New John Carter Review: “Unlike Avatar, there is some real meat to this story. 9/10”

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NOTE: This John Carter review was just posted on a movie message board and the author, in subsequent postings, revealed details of the film that make it clear he did in fact see the movie. We consider it adequately verified and are posting it:

I just got home from what I think is their first word of mouth screening. I know a lot of critics have seen it but are embargoed. Well, since I’m not, I thought I’d share my impressions. Very tiny spoilers may follow, but not anything you haven’t already seen from promo footage.

First off, its visually stunning. I saw it in 3D, and like Avatar they used it to immerse you into the world instead of using it as some cheap gimmick. Throughout the movie they would briefly flash back to snippets of Earth, and what really struck me was how well the two worlds seamlessly blended together. In Avatar, it was almost a bit jarring when they reverted back to live action scenes. Here, everything is smooth, natural, and overall stunning.

But unlike Avatar, there is some real meat to this story. A Princess of Mars (the book it was based upon) really invented the action-adventure genre, and you can definitely see it here. I had a great longing to return back to the world that John Carter was transported too, much more than I did in Avatar. While both movies have an impeccably rich world surrounding the story, I felt much more invested in what was going on. The movie is fairly long (2h 15m or so) but the story moved everything along at a brisk pace. They also spend a surprisingly decent amount of time on Earth in the beginning, which was definitely nice to see (I wouldn’t have been surprised if paranoid Disney had wound up cutting it down at the last minute to get to Mars quicker a la Avatar).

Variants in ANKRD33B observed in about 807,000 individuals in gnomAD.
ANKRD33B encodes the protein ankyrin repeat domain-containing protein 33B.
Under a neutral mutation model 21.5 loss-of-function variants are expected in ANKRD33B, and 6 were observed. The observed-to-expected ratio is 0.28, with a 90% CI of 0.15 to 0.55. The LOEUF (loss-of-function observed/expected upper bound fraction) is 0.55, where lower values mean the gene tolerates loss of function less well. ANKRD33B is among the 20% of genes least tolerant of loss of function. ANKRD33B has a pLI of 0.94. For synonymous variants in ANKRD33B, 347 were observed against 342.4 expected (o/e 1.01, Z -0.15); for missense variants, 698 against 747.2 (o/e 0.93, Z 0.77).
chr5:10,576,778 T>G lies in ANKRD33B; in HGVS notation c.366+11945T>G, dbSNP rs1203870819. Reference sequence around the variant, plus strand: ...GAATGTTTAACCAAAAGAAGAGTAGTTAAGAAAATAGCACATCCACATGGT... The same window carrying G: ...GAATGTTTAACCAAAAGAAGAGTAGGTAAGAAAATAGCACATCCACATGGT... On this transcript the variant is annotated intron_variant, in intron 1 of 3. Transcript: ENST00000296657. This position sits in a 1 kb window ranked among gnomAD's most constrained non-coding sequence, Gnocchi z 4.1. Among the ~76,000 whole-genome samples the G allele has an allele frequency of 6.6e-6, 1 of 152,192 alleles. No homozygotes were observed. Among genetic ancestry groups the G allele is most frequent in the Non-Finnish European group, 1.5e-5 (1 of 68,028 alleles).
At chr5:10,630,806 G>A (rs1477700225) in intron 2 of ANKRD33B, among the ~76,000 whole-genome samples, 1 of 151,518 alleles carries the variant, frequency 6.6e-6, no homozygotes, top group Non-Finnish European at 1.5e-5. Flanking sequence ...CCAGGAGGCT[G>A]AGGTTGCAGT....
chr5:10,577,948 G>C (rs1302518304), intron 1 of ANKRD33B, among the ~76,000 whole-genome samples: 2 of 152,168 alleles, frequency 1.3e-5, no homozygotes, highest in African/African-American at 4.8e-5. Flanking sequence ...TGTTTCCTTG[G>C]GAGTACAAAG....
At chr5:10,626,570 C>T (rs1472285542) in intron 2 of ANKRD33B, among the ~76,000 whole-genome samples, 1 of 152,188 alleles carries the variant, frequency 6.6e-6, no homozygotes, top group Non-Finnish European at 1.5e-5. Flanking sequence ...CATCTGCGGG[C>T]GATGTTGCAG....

There are an abundance of different characters, and all of them fleshed out and believable. I was worried that they might overdo Woola (John’s pet of sorts), but some of Woola’s segments with John are among the best scenes in the film. Mark Strong played a good villain; there is more than one in the film (with albeit smallish roles), as you’ll also see. Taylor Kitsch was also fantastic as the lead. You really got to know John and the complexity of his character as a whole. Comparing yet again to Avatar, I understood him much more than Worthington, whose character to me always seemed really transparent.

The action scenes are also terrific, and proves that regardless of his work on solely animated films, Stanton definitely knows how to shoot the hell out of an action scene.

Overall, I’m sad that Disney has failed to pull off a marketing campaign that is able to show what a truly great film it is. There are some problems with it; sometimes the story might breeze over a small plot point with little explanation, but it’s strengths gloss over its weaknesses; I’m still amazed how well I got to know the world in the brief span of 2 hours or so. Don’t fret guys, it’s great. And if you don’t end up liking it as much as me, I promise that at the very least you will definitely be thoroughly entertained.

My score: 9/10


  • WOW, you can NOT compare the tharks to the gungans!

    Where the tharks were cool, the gungans were annoying as hell, I still can’t help but cringe when someone mentions jar jar.

    did you notice how when used for comic relief woola became more endearing, where as jar jar got more and more stupid, distracting and annoying?

  • You know your comments made me think – and I am a bit embarressed by not having read the book when seeing how many people he has touched. I think I will get my hands on a copy and then maybe then I can appreciate what I saw a little more. For me I went into the movie “blind” not having a clue about what it was about and then it got a little confusing so that just made it worse. It also seemed like John Carter spent more time with the Tharks compared to the Red Martians I guess that’s why I kind of compared it to Star Wars Episode One with Jar Jar Binks and the Gungan race. So that’s why I mentioned that I didn’t get a sense of who the characters were. All in all, like I said, the animation with the planet and characters was very well done and believable, if I ever ended up there I would JUMP for all I’m worth to get away from those White Apes!

  • Fair comments offered in a spirit of reasonableness. There have now been dozens and dozens of reviews and it seems most people find the story quite a bit more engaging than you seem to have, but your comments about the Na’vi are well taken. I don’t think Burroughs or Stanton intend for the Tharks, with their damaged culture, to play the same role in the story that the Na’vi did in Avatar. Remember there is Helium and the red Martian race to consider in that regard.